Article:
In Switzerland, the subject of liability for defects, fault or negligence mainly concerns service and works providers, taking into account all of the following points: 

  1. Service contracts may sometimes involve a transfer or modification of ownership, giving rise to strict liability for defects without fault being required. 
  2. The performance of services often involves a number of subcontractors, whose misconduct may make you personally liable. 
  3. Case law on the limitation or reduction of liability by contractual clauses is fairly restrictive. 
  4. In addition to the responsibilities of the service provider, the customer or his agents may also make a mistake that affects the outcome of your work. 
  5. Clarity in a contract is the key to success in order to avoid any complaints about the quality of services. 

In addition, any website owner offering online services in Switzerland should be aware that system malfunctions, loss of data by the site host or cyber-attacks can cause significant damage to your customers and engage your liability. 

Main legal rules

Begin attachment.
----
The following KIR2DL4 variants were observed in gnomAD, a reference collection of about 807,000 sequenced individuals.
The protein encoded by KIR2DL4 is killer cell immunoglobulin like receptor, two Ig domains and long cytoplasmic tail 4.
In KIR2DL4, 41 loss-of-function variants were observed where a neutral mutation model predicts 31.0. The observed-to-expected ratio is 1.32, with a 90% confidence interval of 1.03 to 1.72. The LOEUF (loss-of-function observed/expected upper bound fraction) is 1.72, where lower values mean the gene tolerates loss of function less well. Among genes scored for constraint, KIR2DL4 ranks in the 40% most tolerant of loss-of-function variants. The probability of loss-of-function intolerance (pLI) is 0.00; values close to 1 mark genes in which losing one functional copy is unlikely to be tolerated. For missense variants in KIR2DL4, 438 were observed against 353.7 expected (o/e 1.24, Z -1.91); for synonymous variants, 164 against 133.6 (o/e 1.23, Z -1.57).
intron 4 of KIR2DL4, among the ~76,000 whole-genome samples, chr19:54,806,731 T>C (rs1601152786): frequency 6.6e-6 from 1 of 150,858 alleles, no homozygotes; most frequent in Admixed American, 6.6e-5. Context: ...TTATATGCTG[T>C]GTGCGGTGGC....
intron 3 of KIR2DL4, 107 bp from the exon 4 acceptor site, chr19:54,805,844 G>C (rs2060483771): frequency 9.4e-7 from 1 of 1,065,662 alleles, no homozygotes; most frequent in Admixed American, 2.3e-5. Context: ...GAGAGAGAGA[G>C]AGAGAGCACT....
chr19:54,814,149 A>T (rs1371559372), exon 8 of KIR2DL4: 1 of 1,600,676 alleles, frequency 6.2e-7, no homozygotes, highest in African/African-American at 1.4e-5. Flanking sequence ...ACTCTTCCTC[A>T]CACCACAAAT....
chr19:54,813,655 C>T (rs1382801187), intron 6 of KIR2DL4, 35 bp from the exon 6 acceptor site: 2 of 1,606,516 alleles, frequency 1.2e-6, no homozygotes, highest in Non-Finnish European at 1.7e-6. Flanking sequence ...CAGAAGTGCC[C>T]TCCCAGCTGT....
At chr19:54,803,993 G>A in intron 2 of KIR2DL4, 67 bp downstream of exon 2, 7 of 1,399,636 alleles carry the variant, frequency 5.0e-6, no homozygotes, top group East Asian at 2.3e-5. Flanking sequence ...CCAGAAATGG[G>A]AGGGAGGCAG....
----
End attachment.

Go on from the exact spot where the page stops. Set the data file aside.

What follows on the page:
With regard to the legal rules governing the provider’s liability for defects, fault or negligence, here are the main points to note: 

Create your contract for works in a couple of clicks
Create your independent subcontractor agreement in couple of clicks

It should be noted that where the subcontractor does not perform only part of the service or only a subordinate task, but fully replaces the service provider, the latter is only liable for the care with which it chose and instructed the subcontractor. On the other hand, the substitute may be acted upon directly by the customer, subject to certain limits – the only exception in Swiss law in this area being that the substitute is not itself bound by the contract to the customer. 


To limit liability in contracts of enterprise, we recommend that you consider the following tips: 

  1. In contracts for work and services, remember to clearly delimit the moment of transfer of risk using our contract templates, and the service provider will no longer be liable for damage or defects after this moment. 
  2. As a subcontractor, be careful if you accept payment or instructions directly from your principal’s customer, as this may imply a tacit contract with him, whereas all the limitations of liability that you have agreed with your direct principal will no longer be enforceable against this customer who has not signed up to them.
  3. Always remember to limit your liability to the amount of fees paid during a certain period prior to the dispute. 
  4. Even if you are contractually authorised to do so, always ask your customer for firm acceptance if you hire external subcontractors. 
  5. Include a clause in the contract specifying the time limit after completion for reporting any defects in the service. If the customer accepts unreservedly that there is no defect, you can no longer be held liable.